It’s been quite a year for the fashion industry. With an awards season comeback — and a gradual return to a life without coronavirus restrictions — the sartorial stakes were high. And not just because people wanted to make up for the many months they spent swaddled in loungewear.
Because while the world was on pause, the climate crisis raged on. With fatal floods, wildfires, a deep freeze, and the United Nations’ “Code Red” report, it’s been impossible to ignore the ecological damage that has been done this year. And of course, like all industries, fashion has an important role to play when it comes to finding solutions.
Thank goodness, then, that progress appears to have been made. In 2021, the rental fashion market continued to boom. This was partly thanks to an uptick in media coverage and the number of celebrities, like Holly Willoughby, and Laura Whitmore, who proudly wore their rented items at high-profile events. According to GlobalData, the rental industry is going to be worth £2.3bn by 2029.
Elsewhere, the red carpet was transformed. What was once a place reserved for standout ensembles never to be worn again became a stage for re-wearing the same clothes — or creating new pieces out of old ones. Everyone was doing it, from Lorde (whose Met Gala outfit was made using deadstock fabrics) to the Duchess of Cambridge, who re-wore a Jenny Packham gown that she first wore in 2019 to the Royal Variety performance at the Royal Albert Hall in November.
Such things may seem minor in the grand scheme of things, but they send a message to the masses. One that promotes more sustainable modes of consumption. Luxury brands are embracing new, eco-friendly manufacturing processes to reduce their carbon footprint, too. Take Hermès, which created the first bag using Sylvania mushroom leather, while Alexander McQueen launched a partnership with secondhand e-tailers Vestiaire Collective that calls on trusted clients to sell their unworn pieces.
Meanwhile, many independent British brands, such as Phoebe English, have drastically reduced their output so that they produce just one collection a year. As for fashion’s rising stars of 2021, well, they’ve all been eco-conscious designers, like Harris Reed, whose debut London Fashion Week show in September showcased gender-fluid bridal and groomswear made from fabrics that had all been sourced from Oxfam.
“The broader industry has shifted to become more sustainable this year,” says Emily Gordon-Smith, director of Consumer Product at trend forecasting company Stylus. “In particular, we’re seeing good work going on in the use of more sustainable fabrics and we’re also seeing that being marketed well in clear messaging.”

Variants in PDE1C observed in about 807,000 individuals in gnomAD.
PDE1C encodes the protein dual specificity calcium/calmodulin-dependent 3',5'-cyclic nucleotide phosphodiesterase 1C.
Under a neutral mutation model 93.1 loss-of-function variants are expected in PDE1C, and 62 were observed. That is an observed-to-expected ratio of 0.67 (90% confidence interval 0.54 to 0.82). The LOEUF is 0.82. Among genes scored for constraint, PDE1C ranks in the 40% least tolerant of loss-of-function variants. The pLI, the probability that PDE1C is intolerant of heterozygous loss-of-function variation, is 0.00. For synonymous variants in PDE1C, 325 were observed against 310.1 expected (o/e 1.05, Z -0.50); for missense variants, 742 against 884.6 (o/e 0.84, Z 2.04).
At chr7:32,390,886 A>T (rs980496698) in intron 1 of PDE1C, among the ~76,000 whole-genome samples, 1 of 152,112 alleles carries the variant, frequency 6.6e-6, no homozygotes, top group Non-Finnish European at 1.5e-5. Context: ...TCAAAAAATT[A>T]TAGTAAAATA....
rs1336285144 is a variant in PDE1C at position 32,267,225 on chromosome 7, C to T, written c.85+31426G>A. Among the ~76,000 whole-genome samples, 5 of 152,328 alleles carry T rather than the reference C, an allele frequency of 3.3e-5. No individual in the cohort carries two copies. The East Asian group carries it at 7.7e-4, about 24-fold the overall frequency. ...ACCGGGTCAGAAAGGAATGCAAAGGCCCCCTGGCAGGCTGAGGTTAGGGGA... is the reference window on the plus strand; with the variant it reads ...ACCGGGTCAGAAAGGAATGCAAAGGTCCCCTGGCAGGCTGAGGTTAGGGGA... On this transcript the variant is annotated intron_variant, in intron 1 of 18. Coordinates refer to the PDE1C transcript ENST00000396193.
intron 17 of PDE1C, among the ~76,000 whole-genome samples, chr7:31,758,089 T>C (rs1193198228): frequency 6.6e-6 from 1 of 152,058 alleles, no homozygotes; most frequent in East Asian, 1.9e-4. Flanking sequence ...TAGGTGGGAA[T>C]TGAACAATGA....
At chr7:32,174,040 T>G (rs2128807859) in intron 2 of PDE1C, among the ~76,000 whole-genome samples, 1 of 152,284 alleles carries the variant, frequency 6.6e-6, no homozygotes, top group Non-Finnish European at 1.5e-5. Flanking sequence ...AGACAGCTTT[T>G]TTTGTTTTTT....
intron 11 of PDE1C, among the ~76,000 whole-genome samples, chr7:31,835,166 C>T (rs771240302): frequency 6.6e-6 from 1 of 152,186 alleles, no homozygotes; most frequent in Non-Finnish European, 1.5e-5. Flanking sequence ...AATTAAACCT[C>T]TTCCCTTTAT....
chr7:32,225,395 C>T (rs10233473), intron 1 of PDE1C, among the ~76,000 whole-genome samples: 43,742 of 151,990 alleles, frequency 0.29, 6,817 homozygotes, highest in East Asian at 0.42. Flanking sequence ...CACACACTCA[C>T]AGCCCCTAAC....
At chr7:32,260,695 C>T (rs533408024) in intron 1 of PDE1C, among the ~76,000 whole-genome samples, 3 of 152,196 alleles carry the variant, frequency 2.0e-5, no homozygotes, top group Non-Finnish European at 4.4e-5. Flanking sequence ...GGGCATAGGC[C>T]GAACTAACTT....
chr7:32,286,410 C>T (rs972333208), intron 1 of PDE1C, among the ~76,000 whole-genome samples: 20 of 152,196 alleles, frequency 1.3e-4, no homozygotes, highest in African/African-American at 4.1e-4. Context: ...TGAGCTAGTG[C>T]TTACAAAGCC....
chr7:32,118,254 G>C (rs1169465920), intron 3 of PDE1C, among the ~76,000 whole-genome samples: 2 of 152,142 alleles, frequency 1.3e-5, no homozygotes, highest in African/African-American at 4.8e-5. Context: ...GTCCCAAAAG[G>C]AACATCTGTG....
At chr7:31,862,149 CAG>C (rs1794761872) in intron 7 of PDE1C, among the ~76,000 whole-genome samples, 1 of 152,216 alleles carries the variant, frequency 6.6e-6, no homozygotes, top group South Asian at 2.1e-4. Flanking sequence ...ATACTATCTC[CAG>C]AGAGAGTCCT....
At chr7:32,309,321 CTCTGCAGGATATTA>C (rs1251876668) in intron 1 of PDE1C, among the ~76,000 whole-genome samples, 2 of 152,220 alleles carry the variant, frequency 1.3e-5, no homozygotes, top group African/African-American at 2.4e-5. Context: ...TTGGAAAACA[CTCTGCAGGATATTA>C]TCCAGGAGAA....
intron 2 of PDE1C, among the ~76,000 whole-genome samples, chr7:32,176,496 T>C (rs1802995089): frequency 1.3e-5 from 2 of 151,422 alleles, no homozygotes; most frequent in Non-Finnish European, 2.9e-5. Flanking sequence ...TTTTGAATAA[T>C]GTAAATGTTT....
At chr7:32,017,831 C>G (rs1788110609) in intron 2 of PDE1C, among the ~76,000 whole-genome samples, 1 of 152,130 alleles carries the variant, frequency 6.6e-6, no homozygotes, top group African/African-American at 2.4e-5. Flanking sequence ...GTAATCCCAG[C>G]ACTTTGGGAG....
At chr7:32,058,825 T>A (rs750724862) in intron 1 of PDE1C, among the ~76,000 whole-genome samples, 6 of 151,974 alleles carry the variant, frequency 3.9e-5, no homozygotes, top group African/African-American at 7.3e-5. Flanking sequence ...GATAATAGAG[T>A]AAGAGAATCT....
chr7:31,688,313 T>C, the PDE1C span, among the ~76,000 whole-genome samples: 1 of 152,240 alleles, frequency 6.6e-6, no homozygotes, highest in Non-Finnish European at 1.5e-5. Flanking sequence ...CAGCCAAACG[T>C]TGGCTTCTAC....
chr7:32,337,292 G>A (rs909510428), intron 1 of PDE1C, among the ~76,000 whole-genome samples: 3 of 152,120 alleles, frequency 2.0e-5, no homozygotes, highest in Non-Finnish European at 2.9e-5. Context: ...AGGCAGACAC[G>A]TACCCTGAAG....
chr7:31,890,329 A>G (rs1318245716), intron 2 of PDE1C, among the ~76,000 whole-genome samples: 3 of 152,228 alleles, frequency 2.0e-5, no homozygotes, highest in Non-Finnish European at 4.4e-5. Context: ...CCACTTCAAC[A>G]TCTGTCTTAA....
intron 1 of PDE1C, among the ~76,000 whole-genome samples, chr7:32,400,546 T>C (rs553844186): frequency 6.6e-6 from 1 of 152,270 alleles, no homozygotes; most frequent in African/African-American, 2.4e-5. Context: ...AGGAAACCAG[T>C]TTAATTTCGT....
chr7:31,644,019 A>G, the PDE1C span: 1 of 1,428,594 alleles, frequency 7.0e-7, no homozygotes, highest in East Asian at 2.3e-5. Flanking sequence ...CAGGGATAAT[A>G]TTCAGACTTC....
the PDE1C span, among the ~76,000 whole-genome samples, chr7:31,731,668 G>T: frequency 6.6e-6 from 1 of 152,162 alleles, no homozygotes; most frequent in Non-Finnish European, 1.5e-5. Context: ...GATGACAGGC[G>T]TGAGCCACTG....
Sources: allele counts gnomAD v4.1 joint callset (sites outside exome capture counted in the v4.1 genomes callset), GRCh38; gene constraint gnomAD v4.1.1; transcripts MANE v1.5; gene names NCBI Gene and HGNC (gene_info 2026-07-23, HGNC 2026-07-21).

The pandemic might have also helped to trigger a shift in terms of how we consume clothing. “I think there’s been a cultural awakening of sorts, in that difficult questions about the industry and its practices are circulating more widely,” suggests Bel Jacobs of Fashion Act Now, the climate crisis campaign group that evolved out of Extinction Rebellion.
“This is as a result of multiple emergencies, from the pandemic to Black Lives Matter and to the climate and ecological emergency itself, and seeing how fashion intersects profoundly with each. We are starting to understand that fashion is essentially extractivist, exploitative, racist, and even sexist in the ways it works. So lots of good people are currently trying to do their best to turn this ship.”
That said, now is not a time to be complacent. Society might have woken up to the urgency of the climate crisis — and the subsequent need to redress their consumption habits — but that doesn’t mean every sustainable fashion initiative you see is always a force for good.
“We have definitely not moved away from fast fashion in 2021,” says Dana Thomas, author of Fashionopolis: The Price of Fast Fashion and the Future of Clothes. “Zara and H&M were back up to their pre-pandemic sales levels by the autumn, and are forecasted to keep increasing.”
Today, the environmental consequences of fast fashion are well-documented. During Fashion Revolution’s revolution week this year, it emerged that 200 million trees are felled annually to produce cellulosic fabrics, with 35-40 per cent of those coming from old-growth woodlands. Meanwhile, according to the UN Environment Programme, two per cent of global wastewater comes from textile dyeing. It has also been estimated that around half a million tonnes of plastic microfibres shed during the washing of synthetic textiles such as polyester, nylon, or acrylic end up in the ocean annually. On top of this, an estimated £140m worth of clothing is sent to UK landfill each year. Pair all this with the mass production rates and methods employed by fast fashion brands and it’s a recipe for disaster.